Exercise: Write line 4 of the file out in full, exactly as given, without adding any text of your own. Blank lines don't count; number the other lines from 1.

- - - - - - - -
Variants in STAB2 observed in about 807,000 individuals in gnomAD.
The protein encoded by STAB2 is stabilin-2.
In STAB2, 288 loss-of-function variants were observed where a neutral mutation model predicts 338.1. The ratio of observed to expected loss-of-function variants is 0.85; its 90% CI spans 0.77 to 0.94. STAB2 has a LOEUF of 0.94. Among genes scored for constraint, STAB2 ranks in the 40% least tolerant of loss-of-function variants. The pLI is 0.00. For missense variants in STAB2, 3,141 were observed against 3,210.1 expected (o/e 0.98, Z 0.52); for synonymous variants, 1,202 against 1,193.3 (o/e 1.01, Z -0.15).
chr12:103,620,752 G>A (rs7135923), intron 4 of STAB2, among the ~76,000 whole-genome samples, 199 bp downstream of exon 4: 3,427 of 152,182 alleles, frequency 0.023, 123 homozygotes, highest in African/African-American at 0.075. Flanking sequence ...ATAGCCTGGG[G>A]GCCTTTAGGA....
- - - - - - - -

chr12:103,620,752 G>A (rs7135923), intron 4 of STAB2, among the ~76,000 whole-genome samples, 199 bp downstream of exon 4: 3,427 of 152,182 alleles, frequency 0.023, 123 homozygotes, highest in African/African-American at 0.075. Flanking sequence ...ATAGCCTGGG[G>A]GCCTTTAGGA....